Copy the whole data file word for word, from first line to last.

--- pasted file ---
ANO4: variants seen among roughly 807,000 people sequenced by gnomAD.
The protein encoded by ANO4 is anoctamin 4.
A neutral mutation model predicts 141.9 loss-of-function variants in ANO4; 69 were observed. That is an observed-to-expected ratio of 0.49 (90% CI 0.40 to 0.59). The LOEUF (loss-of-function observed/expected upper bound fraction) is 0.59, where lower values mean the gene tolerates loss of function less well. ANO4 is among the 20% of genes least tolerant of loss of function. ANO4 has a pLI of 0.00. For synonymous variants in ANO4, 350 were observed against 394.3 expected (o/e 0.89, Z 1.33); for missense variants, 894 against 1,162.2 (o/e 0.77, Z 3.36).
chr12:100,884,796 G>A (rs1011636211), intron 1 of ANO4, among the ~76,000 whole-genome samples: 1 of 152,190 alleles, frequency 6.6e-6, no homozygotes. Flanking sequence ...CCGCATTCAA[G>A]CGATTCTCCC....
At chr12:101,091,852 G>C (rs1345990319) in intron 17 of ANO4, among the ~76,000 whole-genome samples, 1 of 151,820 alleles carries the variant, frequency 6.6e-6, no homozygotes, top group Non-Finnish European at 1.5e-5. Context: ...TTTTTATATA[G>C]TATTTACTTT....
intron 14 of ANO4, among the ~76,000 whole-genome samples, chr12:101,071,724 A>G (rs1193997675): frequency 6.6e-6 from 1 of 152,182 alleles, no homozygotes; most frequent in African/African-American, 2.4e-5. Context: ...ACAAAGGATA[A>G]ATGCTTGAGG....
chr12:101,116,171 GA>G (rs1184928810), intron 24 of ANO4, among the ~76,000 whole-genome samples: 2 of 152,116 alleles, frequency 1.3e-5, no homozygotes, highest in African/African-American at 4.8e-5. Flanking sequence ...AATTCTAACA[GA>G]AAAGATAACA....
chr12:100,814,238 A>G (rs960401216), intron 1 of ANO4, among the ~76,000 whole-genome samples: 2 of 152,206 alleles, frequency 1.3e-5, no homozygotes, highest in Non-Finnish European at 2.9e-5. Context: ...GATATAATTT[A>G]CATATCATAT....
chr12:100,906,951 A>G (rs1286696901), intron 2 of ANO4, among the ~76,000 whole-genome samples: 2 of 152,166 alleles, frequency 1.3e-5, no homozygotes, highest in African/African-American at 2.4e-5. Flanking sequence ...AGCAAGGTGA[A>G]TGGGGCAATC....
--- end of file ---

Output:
ANO4: variants seen among roughly 807,000 people sequenced by gnomAD.
The protein encoded by ANO4 is anoctamin 4.
A neutral mutation model predicts 141.9 loss-of-function variants in ANO4; 69 were observed. That is an observed-to-expected ratio of 0.49 (90% CI 0.40 to 0.59). The LOEUF (loss-of-function observed/expected upper bound fraction) is 0.59, where lower values mean the gene tolerates loss of function less well. ANO4 is among the 20% of genes least tolerant of loss of function. ANO4 has a pLI of 0.00. For synonymous variants in ANO4, 350 were observed against 394.3 expected (o/e 0.89, Z 1.33); for missense variants, 894 against 1,162.2 (o/e 0.77, Z 3.36).
chr12:100,884,796 G>A (rs1011636211), intron 1 of ANO4, among the ~76,000 whole-genome samples: 1 of 152,190 alleles, frequency 6.6e-6, no homozygotes. Flanking sequence ...CCGCATTCAA[G>A]CGATTCTCCC....
At chr12:101,091,852 G>C (rs1345990319) in intron 17 of ANO4, among the ~76,000 whole-genome samples, 1 of 151,820 alleles carries the variant, frequency 6.6e-6, no homozygotes, top group Non-Finnish European at 1.5e-5. Context: ...TTTTTATATA[G>C]TATTTACTTT....
intron 14 of ANO4, among the ~76,000 whole-genome samples, chr12:101,071,724 A>G (rs1193997675): frequency 6.6e-6 from 1 of 152,182 alleles, no homozygotes; most frequent in African/African-American, 2.4e-5. Context: ...ACAAAGGATA[A>G]ATGCTTGAGG....
chr12:101,116,171 GA>G (rs1184928810), intron 24 of ANO4, among the ~76,000 whole-genome samples: 2 of 152,116 alleles, frequency 1.3e-5, no homozygotes, highest in African/African-American at 4.8e-5. Flanking sequence ...AATTCTAACA[GA>G]AAAGATAACA....
chr12:100,814,238 A>G (rs960401216), intron 1 of ANO4, among the ~76,000 whole-genome samples: 2 of 152,206 alleles, frequency 1.3e-5, no homozygotes, highest in Non-Finnish European at 2.9e-5. Context: ...GATATAATTT[A>G]CATATCATAT....
chr12:100,906,951 A>G (rs1286696901), intron 2 of ANO4, among the ~76,000 whole-genome samples: 2 of 152,166 alleles, frequency 1.3e-5, no homozygotes, highest in African/African-American at 2.4e-5. Flanking sequence ...AGCAAGGTGA[A>G]TGGGGCAATC....